Alright, Utah!

Ken AshfordEducation, GodstuffLeave a Comment

Thank God there’s at least one state that gets it:

To borrow a line from Dorothy: We’re not in Kansas anymore.

Unlike the Kansas School Board, which earlier this summer approved allowing educators to teach theories in addition to evolution that explain life on Earth, the Utah Board of Education on Friday unanimously approved a position statement supporting the continued exclusive teaching of evolution in state classrooms.

Only two people out of the dozens who attended Friday’s meeting sided with Sen. Chris Buttars, R-West Jordan, and his proposal to allow teaching "intelligent design" as a theory to explain the origins of life.

Intelligent design asserts that an intelligent force created the universe. Though advocates claim the theory does not attempt to identify the designer, many of them are affiliated with explicitly Christian-centered organizations.

One, William Dembski, who heads the Center for Theology and Science at Louisville (Ky.) Southern Seminary, even argues in his book, Intelligent Design: The Bridge Between Science & Theology, that the designer must be the god Christians worship.

The school board ignored Buttars’ complaint that board members never invited proponents of intelligent design to participate in drafting the position statement.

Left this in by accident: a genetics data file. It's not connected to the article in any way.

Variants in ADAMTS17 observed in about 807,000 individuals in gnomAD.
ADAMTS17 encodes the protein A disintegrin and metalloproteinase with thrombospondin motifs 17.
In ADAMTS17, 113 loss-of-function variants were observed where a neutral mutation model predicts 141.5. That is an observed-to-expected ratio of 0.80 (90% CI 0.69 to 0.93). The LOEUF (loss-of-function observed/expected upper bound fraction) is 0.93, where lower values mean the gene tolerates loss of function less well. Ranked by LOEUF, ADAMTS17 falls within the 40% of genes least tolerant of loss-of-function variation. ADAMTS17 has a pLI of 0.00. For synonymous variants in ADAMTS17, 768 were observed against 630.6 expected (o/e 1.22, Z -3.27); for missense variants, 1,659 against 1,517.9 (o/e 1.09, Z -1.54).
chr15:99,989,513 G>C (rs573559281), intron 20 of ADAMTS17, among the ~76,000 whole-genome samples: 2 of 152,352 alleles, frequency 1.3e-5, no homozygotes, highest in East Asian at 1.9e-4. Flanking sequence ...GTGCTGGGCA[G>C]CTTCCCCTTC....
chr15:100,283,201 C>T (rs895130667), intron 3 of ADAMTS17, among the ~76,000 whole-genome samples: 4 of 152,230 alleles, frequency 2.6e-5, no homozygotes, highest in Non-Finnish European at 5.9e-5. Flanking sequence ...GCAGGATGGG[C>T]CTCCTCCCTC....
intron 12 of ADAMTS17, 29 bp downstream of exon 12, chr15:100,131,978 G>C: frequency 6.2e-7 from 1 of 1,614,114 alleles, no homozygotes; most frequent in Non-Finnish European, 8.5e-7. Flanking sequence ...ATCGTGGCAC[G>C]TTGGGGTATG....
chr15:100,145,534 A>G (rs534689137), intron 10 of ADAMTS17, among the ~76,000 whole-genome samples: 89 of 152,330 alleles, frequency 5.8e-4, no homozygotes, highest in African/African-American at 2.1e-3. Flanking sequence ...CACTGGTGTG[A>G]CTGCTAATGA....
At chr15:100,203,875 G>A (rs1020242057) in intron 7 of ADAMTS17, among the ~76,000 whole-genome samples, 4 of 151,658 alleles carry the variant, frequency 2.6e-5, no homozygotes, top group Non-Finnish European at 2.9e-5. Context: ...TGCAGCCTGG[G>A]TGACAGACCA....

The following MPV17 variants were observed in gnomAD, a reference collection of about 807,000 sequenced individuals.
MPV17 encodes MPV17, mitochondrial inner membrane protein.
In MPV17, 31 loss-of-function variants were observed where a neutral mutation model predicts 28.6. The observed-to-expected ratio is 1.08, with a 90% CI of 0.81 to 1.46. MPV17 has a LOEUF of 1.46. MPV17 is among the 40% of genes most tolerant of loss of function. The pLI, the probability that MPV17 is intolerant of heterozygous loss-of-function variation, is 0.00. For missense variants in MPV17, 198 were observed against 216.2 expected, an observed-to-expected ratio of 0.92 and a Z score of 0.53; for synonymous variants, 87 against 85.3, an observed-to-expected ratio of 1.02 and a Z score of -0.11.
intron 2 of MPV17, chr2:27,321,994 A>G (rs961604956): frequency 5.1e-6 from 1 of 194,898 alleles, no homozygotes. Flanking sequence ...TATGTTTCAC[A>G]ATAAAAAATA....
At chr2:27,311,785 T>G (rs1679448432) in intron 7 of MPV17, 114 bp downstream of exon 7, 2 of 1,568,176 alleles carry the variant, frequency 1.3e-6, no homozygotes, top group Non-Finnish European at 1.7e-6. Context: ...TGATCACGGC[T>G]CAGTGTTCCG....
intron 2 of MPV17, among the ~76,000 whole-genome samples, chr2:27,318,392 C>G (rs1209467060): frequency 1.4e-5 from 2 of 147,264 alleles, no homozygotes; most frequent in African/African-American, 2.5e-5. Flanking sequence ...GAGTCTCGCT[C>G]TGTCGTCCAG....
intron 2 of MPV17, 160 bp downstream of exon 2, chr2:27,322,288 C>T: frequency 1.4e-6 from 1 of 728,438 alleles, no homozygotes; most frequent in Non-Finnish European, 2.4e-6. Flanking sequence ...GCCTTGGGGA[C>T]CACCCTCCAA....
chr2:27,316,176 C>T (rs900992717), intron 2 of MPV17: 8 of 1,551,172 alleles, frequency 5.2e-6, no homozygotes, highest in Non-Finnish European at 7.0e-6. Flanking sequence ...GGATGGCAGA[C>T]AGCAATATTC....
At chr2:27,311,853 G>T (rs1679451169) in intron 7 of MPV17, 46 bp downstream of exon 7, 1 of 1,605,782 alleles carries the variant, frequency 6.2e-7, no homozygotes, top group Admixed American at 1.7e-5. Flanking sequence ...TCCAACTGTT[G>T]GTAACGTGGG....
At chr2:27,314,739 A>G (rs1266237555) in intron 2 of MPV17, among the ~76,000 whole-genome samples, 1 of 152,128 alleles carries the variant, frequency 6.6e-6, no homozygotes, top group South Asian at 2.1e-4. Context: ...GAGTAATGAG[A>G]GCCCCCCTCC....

The board also chose to decline his request to delay voting on the document until the senator could give a two-hour presentation arguing for intelligent design.

During the public comment period, Buttars repeated his intention to either introduce legislation to require intelligent design be a school topic, or place the issue on next year’s ballot in the form of a referendum.

Speaking to board members, 10 scientists and researchers representing disciplines including biology, chemistry, geology, paleontology and engineering tried to dismantle the contention that intelligent design is based on sound science.

Instead, many called it pseudoscience and agreed with Duane Jeffery, a Brigham Young University biology professor, who put it in the same category as astrology and pyramid power.

"By definition, science does not attempt to explain the world by invoking the supernatural," University of Utah bioengineering professor Gregory Clark told the board.

"Intelligent design fails as science because it does exactly that – it posits that life is too complex to have arisen from natural causes, and instead requires the intervention of an intelligent designer who is beyond natural explanation. Invoking the supernatural can explain anything, and hence explains nothing."

[Source: Salt Lake Tribune]